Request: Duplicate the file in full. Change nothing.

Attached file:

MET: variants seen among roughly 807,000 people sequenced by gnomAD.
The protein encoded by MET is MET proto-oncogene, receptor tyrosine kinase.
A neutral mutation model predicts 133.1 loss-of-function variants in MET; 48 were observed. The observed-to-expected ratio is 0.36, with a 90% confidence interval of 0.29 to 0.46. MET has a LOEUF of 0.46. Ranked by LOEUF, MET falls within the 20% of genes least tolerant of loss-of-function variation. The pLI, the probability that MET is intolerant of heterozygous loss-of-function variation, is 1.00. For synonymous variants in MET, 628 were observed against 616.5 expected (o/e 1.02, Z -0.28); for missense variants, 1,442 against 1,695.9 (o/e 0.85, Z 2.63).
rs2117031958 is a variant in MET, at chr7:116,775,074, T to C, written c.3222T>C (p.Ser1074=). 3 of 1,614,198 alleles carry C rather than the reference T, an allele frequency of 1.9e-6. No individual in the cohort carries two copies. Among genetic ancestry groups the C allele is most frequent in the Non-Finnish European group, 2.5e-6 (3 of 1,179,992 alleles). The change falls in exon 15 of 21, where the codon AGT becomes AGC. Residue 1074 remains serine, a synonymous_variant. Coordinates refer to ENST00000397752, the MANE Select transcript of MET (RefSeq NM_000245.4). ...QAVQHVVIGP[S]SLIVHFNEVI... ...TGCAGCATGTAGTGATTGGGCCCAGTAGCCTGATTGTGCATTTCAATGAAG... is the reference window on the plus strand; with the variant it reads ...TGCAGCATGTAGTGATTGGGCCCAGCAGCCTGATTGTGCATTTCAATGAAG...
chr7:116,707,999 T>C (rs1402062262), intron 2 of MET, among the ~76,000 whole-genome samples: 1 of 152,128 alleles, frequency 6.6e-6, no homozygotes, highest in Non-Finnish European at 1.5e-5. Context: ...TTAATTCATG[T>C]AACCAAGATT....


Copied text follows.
MET: variants seen among roughly 807,000 people sequenced by gnomAD.
The protein encoded by MET is MET proto-oncogene, receptor tyrosine kinase.
A neutral mutation model predicts 133.1 loss-of-function variants in MET; 48 were observed. The observed-to-expected ratio is 0.36, with a 90% confidence interval of 0.29 to 0.46. MET has a LOEUF of 0.46. Ranked by LOEUF, MET falls within the 20% of genes least tolerant of loss-of-function variation. The pLI, the probability that MET is intolerant of heterozygous loss-of-function variation, is 1.00. For synonymous variants in MET, 628 were observed against 616.5 expected (o/e 1.02, Z -0.28); for missense variants, 1,442 against 1,695.9 (o/e 0.85, Z 2.63).
rs2117031958 is a variant in MET, at chr7:116,775,074, T to C, written c.3222T>C (p.Ser1074=). 3 of 1,614,198 alleles carry C rather than the reference T, an allele frequency of 1.9e-6. No individual in the cohort carries two copies. Among genetic ancestry groups the C allele is most frequent in the Non-Finnish European group, 2.5e-6 (3 of 1,179,992 alleles). The change falls in exon 15 of 21, where the codon AGT becomes AGC. Residue 1074 remains serine, a synonymous_variant. Coordinates refer to ENST00000397752, the MANE Select transcript of MET (RefSeq NM_000245.4). ...QAVQHVVIGP[S]SLIVHFNEVI... ...TGCAGCATGTAGTGATTGGGCCCAGTAGCCTGATTGTGCATTTCAATGAAG... is the reference window on the plus strand; with the variant it reads ...TGCAGCATGTAGTGATTGGGCCCAGCAGCCTGATTGTGCATTTCAATGAAG...
chr7:116,707,999 T>C (rs1402062262), intron 2 of MET, among the ~76,000 whole-genome samples: 1 of 152,128 alleles, frequency 6.6e-6, no homozygotes, highest in Non-Finnish European at 1.5e-5. Context: ...TTAATTCATG[T>C]AACCAAGATT....